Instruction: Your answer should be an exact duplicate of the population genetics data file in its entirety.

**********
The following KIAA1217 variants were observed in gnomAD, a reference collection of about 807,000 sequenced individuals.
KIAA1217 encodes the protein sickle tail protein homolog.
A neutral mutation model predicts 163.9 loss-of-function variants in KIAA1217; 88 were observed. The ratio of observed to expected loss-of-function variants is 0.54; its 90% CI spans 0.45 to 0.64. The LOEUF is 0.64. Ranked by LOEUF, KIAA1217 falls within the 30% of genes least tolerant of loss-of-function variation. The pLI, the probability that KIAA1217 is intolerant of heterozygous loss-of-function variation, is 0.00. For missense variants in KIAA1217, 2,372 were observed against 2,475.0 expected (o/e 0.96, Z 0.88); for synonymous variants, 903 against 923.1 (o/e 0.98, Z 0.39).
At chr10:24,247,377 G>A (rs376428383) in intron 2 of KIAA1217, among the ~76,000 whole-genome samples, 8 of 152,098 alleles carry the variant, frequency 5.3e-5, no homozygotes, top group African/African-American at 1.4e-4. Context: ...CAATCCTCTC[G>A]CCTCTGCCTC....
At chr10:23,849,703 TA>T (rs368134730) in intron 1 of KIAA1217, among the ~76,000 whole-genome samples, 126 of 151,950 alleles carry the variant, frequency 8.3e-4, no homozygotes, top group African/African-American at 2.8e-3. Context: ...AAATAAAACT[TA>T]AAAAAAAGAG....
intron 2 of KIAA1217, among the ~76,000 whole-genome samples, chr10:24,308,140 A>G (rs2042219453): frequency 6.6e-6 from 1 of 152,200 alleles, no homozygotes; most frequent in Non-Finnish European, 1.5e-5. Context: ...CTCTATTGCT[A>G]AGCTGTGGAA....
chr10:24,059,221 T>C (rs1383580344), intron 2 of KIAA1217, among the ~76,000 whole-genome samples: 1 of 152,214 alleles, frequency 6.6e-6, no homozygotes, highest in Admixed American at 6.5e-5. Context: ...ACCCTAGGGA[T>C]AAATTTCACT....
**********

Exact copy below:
The following KIAA1217 variants were observed in gnomAD, a reference collection of about 807,000 sequenced individuals.
KIAA1217 encodes the protein sickle tail protein homolog.
A neutral mutation model predicts 163.9 loss-of-function variants in KIAA1217; 88 were observed. The ratio of observed to expected loss-of-function variants is 0.54; its 90% CI spans 0.45 to 0.64. The LOEUF is 0.64. Ranked by LOEUF, KIAA1217 falls within the 30% of genes least tolerant of loss-of-function variation. The pLI, the probability that KIAA1217 is intolerant of heterozygous loss-of-function variation, is 0.00. For missense variants in KIAA1217, 2,372 were observed against 2,475.0 expected (o/e 0.96, Z 0.88); for synonymous variants, 903 against 923.1 (o/e 0.98, Z 0.39).
At chr10:24,247,377 G>A (rs376428383) in intron 2 of KIAA1217, among the ~76,000 whole-genome samples, 8 of 152,098 alleles carry the variant, frequency 5.3e-5, no homozygotes, top group African/African-American at 1.4e-4. Context: ...CAATCCTCTC[G>A]CCTCTGCCTC....
At chr10:23,849,703 TA>T (rs368134730) in intron 1 of KIAA1217, among the ~76,000 whole-genome samples, 126 of 151,950 alleles carry the variant, frequency 8.3e-4, no homozygotes, top group African/African-American at 2.8e-3. Context: ...AAATAAAACT[TA>T]AAAAAAAGAG....
intron 2 of KIAA1217, among the ~76,000 whole-genome samples, chr10:24,308,140 A>G (rs2042219453): frequency 6.6e-6 from 1 of 152,200 alleles, no homozygotes; most frequent in Non-Finnish European, 1.5e-5. Context: ...CTCTATTGCT[A>G]AGCTGTGGAA....
chr10:24,059,221 T>C (rs1383580344), intron 2 of KIAA1217, among the ~76,000 whole-genome samples: 1 of 152,214 alleles, frequency 6.6e-6, no homozygotes, highest in Admixed American at 6.5e-5. Context: ...ACCCTAGGGA[T>C]AAATTTCACT....